Khat Ban

A plant chewed by people in Somalian communities is going to be criminalised, following a campaign by a Milton Keynes MP.

Mark Lancaster MP with a bundle of khat

The Home Secretary Theresa May has decided to make khat a Class C drug, despite officials at the Advisory Council on the Misuse of Drugs concluding there is no need for a ban.

Khat makes users feel more alert, happy and talkative when it is chewed. It is being made a Class C drug over worries about the effect it is having on users and communities.

Milton Keynes North MP Mark Lancaster (pictured) has been campaigning for four years to get khat banned. He took up his campaign after being contacted by members of the Somalian Community based in his constituency who were worried about the effect the drug is having on social cohesion, health and family breakdown.

There are also concerns the UK is becoming a regional hub for the illegal onward trafficking of Khat to countries where it is already banned.

Commenting on the news khat is to be criminalised, Mr Lancaster said: "It is great news that after a long campaign the Government have listened and acted on the concerns of my constituents, this is the right decision and will be widely welcomed throughout the UK."

A range of drugs experts and policy campaigners have condemned the ban as 'yet another disappointment.'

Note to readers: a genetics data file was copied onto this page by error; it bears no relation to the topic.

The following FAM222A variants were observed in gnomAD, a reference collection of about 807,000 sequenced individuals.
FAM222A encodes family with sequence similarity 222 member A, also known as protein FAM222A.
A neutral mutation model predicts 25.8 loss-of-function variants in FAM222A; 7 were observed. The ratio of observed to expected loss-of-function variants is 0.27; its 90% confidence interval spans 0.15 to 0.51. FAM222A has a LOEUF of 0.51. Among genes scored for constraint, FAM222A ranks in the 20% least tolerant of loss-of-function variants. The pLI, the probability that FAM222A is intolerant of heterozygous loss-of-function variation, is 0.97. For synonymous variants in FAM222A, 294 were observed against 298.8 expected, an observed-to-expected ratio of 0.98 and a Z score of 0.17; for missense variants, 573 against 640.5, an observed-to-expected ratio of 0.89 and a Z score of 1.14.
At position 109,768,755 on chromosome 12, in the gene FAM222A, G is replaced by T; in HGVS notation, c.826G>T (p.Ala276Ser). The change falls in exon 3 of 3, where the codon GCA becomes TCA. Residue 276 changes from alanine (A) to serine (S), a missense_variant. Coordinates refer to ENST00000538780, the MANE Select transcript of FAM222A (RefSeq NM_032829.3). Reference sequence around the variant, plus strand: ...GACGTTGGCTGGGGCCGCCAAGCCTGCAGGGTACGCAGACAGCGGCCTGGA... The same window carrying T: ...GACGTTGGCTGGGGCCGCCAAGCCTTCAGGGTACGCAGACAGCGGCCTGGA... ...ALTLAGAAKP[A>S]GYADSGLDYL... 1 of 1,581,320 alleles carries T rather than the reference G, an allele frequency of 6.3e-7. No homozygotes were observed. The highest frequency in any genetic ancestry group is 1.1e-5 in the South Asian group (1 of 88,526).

Niamh Eastwood, executive director at drug policy campaigners Release, said: "Once again the government chooses to ignore the evidence when it comes to drug policy.

"The ACMD recommended that khat should not be banned, and this has been ignored. There is no evidence that criminalisation has any tangible effect on the rates of drug use in a society."

Around 2,560 tonnes of khat, worth £13.8m, was imported into the UK in 2011/12, bringing in £2.8m in tax revenues.

Khat is also enjoyed by people in Yemeni and Ethopian communities.

The intoxicating herb is sold in small shops and cafes in bundles worth £3 to £6 each. Most users chew around one or two bundles in an average session lasting up to six hours.

The leaves of the product contain cathinone, which has a similar but less intense effect to cocaine.

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